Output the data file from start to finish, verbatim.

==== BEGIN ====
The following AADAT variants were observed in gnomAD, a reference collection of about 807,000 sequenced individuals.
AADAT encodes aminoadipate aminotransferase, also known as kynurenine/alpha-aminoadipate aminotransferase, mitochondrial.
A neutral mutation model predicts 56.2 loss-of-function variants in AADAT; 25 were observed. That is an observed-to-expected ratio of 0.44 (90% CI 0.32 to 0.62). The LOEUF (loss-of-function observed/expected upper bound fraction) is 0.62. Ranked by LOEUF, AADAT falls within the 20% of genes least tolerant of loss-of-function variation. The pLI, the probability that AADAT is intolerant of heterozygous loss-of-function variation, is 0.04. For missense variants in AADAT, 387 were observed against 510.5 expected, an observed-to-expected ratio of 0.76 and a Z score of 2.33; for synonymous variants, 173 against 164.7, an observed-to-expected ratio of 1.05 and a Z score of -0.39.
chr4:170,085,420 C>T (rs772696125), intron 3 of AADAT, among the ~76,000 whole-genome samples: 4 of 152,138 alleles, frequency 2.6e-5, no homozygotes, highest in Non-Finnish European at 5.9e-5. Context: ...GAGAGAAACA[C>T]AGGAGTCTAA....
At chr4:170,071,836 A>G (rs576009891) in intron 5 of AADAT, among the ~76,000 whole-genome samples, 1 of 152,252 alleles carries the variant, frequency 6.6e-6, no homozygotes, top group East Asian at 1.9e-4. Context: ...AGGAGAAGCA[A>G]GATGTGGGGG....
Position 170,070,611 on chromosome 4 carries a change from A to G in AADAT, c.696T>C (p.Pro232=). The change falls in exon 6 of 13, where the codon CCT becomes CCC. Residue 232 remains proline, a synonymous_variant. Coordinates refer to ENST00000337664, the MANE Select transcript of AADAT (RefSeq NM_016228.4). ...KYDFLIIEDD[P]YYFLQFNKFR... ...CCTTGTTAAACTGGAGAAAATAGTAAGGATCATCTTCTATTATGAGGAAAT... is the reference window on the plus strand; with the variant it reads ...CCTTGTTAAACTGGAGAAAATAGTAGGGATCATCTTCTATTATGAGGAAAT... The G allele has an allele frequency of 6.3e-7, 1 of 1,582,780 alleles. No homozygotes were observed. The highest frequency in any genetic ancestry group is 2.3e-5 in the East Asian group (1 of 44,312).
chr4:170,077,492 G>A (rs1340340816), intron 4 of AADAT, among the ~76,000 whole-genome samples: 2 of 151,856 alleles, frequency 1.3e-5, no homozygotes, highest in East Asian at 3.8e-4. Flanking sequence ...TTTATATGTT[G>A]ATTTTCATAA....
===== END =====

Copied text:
The following AADAT variants were observed in gnomAD, a reference collection of about 807,000 sequenced individuals.
AADAT encodes aminoadipate aminotransferase, also known as kynurenine/alpha-aminoadipate aminotransferase, mitochondrial.
A neutral mutation model predicts 56.2 loss-of-function variants in AADAT; 25 were observed. That is an observed-to-expected ratio of 0.44 (90% CI 0.32 to 0.62). The LOEUF (loss-of-function observed/expected upper bound fraction) is 0.62. Ranked by LOEUF, AADAT falls within the 20% of genes least tolerant of loss-of-function variation. The pLI, the probability that AADAT is intolerant of heterozygous loss-of-function variation, is 0.04. For missense variants in AADAT, 387 were observed against 510.5 expected, an observed-to-expected ratio of 0.76 and a Z score of 2.33; for synonymous variants, 173 against 164.7, an observed-to-expected ratio of 1.05 and a Z score of -0.39.
chr4:170,085,420 C>T (rs772696125), intron 3 of AADAT, among the ~76,000 whole-genome samples: 4 of 152,138 alleles, frequency 2.6e-5, no homozygotes, highest in Non-Finnish European at 5.9e-5. Context: ...GAGAGAAACA[C>T]AGGAGTCTAA....
At chr4:170,071,836 A>G (rs576009891) in intron 5 of AADAT, among the ~76,000 whole-genome samples, 1 of 152,252 alleles carries the variant, frequency 6.6e-6, no homozygotes, top group East Asian at 1.9e-4. Context: ...AGGAGAAGCA[A>G]GATGTGGGGG....
Position 170,070,611 on chromosome 4 carries a change from A to G in AADAT, c.696T>C (p.Pro232=). The change falls in exon 6 of 13, where the codon CCT becomes CCC. Residue 232 remains proline, a synonymous_variant. Coordinates refer to ENST00000337664, the MANE Select transcript of AADAT (RefSeq NM_016228.4). ...KYDFLIIEDD[P]YYFLQFNKFR... ...CCTTGTTAAACTGGAGAAAATAGTAAGGATCATCTTCTATTATGAGGAAAT... is the reference window on the plus strand; with the variant it reads ...CCTTGTTAAACTGGAGAAAATAGTAGGGATCATCTTCTATTATGAGGAAAT... The G allele has an allele frequency of 6.3e-7, 1 of 1,582,780 alleles. No homozygotes were observed. The highest frequency in any genetic ancestry group is 2.3e-5 in the East Asian group (1 of 44,312).
chr4:170,077,492 G>A (rs1340340816), intron 4 of AADAT, among the ~76,000 whole-genome samples: 2 of 151,856 alleles, frequency 1.3e-5, no homozygotes, highest in East Asian at 3.8e-4. Flanking sequence ...TTTATATGTT[G>A]ATTTTCATAA....